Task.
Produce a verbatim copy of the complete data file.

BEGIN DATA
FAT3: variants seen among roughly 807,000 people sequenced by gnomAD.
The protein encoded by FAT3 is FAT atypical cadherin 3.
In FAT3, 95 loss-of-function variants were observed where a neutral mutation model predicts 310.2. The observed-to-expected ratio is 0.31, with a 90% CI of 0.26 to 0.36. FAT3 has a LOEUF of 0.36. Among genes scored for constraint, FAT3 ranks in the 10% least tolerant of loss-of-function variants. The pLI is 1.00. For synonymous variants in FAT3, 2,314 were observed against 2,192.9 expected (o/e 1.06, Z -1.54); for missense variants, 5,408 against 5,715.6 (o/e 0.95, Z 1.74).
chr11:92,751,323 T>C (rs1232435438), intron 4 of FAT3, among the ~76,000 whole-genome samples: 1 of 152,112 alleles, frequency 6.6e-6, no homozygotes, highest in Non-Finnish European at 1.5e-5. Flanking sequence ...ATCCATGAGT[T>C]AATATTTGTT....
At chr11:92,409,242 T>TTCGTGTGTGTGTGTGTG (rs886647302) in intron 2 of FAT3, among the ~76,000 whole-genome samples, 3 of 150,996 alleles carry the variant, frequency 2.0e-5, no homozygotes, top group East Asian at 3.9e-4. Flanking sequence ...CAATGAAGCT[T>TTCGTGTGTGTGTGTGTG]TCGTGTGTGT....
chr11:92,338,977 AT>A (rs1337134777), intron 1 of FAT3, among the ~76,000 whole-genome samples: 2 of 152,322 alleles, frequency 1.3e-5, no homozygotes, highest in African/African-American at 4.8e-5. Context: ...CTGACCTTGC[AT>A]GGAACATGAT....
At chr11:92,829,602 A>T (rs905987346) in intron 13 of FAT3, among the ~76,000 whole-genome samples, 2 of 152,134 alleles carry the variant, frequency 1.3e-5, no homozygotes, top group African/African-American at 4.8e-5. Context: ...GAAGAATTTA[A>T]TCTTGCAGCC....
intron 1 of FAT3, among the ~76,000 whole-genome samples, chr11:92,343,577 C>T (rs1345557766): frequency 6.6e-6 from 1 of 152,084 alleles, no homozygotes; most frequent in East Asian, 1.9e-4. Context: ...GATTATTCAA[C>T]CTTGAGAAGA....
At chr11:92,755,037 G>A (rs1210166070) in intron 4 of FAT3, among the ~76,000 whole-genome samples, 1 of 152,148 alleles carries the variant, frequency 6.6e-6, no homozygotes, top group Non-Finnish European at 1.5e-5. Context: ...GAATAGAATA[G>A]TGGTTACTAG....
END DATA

FAT3: variants seen among roughly 807,000 people sequenced by gnomAD.
The protein encoded by FAT3 is FAT atypical cadherin 3.
In FAT3, 95 loss-of-function variants were observed where a neutral mutation model predicts 310.2. The observed-to-expected ratio is 0.31, with a 90% CI of 0.26 to 0.36. FAT3 has a LOEUF of 0.36. Among genes scored for constraint, FAT3 ranks in the 10% least tolerant of loss-of-function variants. The pLI is 1.00. For synonymous variants in FAT3, 2,314 were observed against 2,192.9 expected (o/e 1.06, Z -1.54); for missense variants, 5,408 against 5,715.6 (o/e 0.95, Z 1.74).
chr11:92,751,323 T>C (rs1232435438), intron 4 of FAT3, among the ~76,000 whole-genome samples: 1 of 152,112 alleles, frequency 6.6e-6, no homozygotes, highest in Non-Finnish European at 1.5e-5. Flanking sequence ...ATCCATGAGT[T>C]AATATTTGTT....
At chr11:92,409,242 T>TTCGTGTGTGTGTGTGTG (rs886647302) in intron 2 of FAT3, among the ~76,000 whole-genome samples, 3 of 150,996 alleles carry the variant, frequency 2.0e-5, no homozygotes, top group East Asian at 3.9e-4. Flanking sequence ...CAATGAAGCT[T>TTCGTGTGTGTGTGTGTG]TCGTGTGTGT....
chr11:92,338,977 AT>A (rs1337134777), intron 1 of FAT3, among the ~76,000 whole-genome samples: 2 of 152,322 alleles, frequency 1.3e-5, no homozygotes, highest in African/African-American at 4.8e-5. Context: ...CTGACCTTGC[AT>A]GGAACATGAT....
At chr11:92,829,602 A>T (rs905987346) in intron 13 of FAT3, among the ~76,000 whole-genome samples, 2 of 152,134 alleles carry the variant, frequency 1.3e-5, no homozygotes, top group African/African-American at 4.8e-5. Context: ...GAAGAATTTA[A>T]TCTTGCAGCC....
intron 1 of FAT3, among the ~76,000 whole-genome samples, chr11:92,343,577 C>T (rs1345557766): frequency 6.6e-6 from 1 of 152,084 alleles, no homozygotes; most frequent in East Asian, 1.9e-4. Context: ...GATTATTCAA[C>T]CTTGAGAAGA....
At chr11:92,755,037 G>A (rs1210166070) in intron 4 of FAT3, among the ~76,000 whole-genome samples, 1 of 152,148 alleles carries the variant, frequency 6.6e-6, no homozygotes, top group Non-Finnish European at 1.5e-5. Context: ...GAATAGAATA[G>A]TGGTTACTAG....